Have you tried the NEW OLD health food? What, haven’t heard of it? It’s called Bone Broth, a rich broth made from any animal bones that have already been roasted in your meal preparation or bought from your butcher and roasted in your oven.

Roasted Chicken Leftovers

Start by removing the cooked meat, then rinse and crack the bones so they will release their goodness,  if they are still intact, place the bones back into a clean pot, add enough water to cover plus 3-4 inches above the bones and simmer over a medium heat source for 3-8 hours.

  • The gelatin found in bone broth is a hydrophobic colloid that attracts and holds liquids, including digestive juices, thereby supporting proper digestion.

  • Bone broth reduces joint pain and inflammation courtesy of Chondroitin Sulfates, Glucosamine, and other compounds extracted from the boiled down bone cartilage.

  • Bone broth can be made from any type of bones you like – chicken, beef, pork, or even fish – but seek bones from organically raised, pastured, or grass-fed animals.

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To enhance the flavor, I add 1 teaspoon of sea salt, one medium onion cut in half, and  1 large carrot, 2 celery ribs, cut into one inch pieces but the flavorings can be any vegetable of your choice.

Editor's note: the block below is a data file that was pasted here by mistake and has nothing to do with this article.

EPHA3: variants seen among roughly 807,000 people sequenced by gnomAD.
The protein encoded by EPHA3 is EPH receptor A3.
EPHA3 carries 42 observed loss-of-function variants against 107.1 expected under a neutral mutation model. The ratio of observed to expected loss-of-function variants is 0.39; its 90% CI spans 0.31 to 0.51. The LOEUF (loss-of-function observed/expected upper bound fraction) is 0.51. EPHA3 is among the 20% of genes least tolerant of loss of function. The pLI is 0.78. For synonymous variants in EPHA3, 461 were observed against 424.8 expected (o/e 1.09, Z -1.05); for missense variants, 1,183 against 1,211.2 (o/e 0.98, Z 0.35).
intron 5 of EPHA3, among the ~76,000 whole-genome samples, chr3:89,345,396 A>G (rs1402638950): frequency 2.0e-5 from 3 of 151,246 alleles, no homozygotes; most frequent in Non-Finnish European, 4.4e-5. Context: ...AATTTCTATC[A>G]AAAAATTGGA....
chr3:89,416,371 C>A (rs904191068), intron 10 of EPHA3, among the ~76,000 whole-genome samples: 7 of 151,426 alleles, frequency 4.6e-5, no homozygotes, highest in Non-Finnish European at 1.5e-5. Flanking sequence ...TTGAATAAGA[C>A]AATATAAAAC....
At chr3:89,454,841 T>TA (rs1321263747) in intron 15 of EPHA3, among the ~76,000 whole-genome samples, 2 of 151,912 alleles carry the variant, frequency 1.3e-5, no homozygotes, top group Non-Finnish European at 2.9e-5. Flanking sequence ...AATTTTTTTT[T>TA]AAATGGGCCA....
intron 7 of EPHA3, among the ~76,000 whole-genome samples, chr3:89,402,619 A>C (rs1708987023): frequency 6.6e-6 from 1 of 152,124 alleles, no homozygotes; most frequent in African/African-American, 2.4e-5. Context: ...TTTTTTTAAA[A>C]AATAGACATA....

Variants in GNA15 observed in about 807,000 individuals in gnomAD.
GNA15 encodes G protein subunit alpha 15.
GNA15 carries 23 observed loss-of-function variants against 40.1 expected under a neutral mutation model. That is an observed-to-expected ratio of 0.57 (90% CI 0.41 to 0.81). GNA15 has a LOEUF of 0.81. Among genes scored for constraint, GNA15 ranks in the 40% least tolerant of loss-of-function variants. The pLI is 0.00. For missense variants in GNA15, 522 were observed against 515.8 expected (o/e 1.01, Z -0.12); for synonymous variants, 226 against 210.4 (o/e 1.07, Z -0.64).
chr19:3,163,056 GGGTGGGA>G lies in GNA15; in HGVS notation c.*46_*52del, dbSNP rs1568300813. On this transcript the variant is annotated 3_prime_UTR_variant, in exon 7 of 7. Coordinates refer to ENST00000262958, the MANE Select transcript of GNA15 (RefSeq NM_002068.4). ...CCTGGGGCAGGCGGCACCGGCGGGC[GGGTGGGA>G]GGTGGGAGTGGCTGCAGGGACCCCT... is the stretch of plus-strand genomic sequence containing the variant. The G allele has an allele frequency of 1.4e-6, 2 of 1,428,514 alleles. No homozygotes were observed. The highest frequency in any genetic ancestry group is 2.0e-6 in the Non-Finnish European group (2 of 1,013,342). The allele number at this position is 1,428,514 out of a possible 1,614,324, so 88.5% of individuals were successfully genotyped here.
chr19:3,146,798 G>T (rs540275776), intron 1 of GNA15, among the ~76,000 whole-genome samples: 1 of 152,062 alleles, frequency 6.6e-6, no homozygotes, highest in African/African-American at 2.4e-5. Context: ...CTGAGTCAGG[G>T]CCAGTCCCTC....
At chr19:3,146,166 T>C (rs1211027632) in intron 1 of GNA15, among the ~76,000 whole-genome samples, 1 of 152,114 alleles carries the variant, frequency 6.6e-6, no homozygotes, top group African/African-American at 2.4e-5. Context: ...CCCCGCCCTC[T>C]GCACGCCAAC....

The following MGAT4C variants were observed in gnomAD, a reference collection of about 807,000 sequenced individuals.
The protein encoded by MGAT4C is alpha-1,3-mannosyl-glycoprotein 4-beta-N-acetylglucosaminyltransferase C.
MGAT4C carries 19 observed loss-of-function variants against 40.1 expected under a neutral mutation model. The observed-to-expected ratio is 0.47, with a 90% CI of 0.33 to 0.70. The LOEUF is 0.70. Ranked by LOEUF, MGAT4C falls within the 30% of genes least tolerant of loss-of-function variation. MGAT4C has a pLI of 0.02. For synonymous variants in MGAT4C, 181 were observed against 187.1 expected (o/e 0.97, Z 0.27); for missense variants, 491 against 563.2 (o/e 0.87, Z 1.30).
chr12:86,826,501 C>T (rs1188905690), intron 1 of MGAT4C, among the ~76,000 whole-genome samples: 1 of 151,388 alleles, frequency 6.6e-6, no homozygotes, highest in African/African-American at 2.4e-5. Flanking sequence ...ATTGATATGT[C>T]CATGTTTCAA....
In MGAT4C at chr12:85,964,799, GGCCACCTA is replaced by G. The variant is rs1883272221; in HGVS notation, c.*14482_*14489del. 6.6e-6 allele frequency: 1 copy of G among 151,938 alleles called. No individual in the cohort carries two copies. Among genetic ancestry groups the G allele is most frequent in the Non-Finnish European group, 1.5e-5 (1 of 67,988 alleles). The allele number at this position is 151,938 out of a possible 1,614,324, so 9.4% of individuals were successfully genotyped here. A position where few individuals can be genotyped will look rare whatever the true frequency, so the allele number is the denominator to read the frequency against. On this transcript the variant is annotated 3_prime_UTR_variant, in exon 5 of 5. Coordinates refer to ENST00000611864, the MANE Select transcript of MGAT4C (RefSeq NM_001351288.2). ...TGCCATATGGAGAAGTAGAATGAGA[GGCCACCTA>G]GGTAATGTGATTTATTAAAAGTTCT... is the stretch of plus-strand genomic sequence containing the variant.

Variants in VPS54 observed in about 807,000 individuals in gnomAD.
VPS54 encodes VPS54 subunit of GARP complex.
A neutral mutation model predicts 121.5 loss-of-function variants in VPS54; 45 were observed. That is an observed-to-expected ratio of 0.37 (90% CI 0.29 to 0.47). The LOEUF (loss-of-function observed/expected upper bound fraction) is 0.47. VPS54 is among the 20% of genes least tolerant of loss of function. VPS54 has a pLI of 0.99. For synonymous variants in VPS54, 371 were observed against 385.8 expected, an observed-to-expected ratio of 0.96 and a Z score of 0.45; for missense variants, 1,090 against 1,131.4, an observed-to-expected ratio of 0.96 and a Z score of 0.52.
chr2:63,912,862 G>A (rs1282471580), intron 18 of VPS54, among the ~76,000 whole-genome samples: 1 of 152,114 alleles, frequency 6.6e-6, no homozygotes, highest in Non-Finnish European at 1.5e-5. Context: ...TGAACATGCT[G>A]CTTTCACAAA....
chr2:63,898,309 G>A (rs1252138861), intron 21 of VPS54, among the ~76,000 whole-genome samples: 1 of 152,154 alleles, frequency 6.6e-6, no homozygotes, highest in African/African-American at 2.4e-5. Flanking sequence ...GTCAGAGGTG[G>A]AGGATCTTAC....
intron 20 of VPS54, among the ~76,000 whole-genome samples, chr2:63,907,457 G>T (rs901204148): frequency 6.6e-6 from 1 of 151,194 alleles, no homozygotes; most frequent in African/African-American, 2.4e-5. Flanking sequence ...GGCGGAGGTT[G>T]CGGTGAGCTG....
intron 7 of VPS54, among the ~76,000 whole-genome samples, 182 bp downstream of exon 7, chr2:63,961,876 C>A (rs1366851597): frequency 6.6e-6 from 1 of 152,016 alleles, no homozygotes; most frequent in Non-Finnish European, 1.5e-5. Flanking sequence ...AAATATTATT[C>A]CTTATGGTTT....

I’m guessing, by now, you have noticed the NEW OLD health food is an old favorite that our grandmothers have been making for centuries. Yep, the Bone Broth that is the rage of the culinary world, is an enriched broth or stock that cooks from every generation have been making for centuries.

The grandmother that gave you chicken broth for a cold was doing the right thing for you, without knowing it or having a doctor’s education.

As with a lot of things, the old is new again.  If you think you do not have time to engage in the making of this wonderful healthy broth, use your slow cooker for the simmering stage.  You can even leave it over night and have a cup in the morning to start your day.

Tips for Reducing Your Family’s Food Waste

You might be surprised to learn that in the United States, we have more than 34 million tons of food waste on an annual basis. That accounts for around 14 percent of the total waste we place in our landfills, where it decomposes and creates greenhouse gases. The U.S. Department of Agriculture estimates that families in the United States waste about 27 percent of their food purchases, thus wasting spendable income.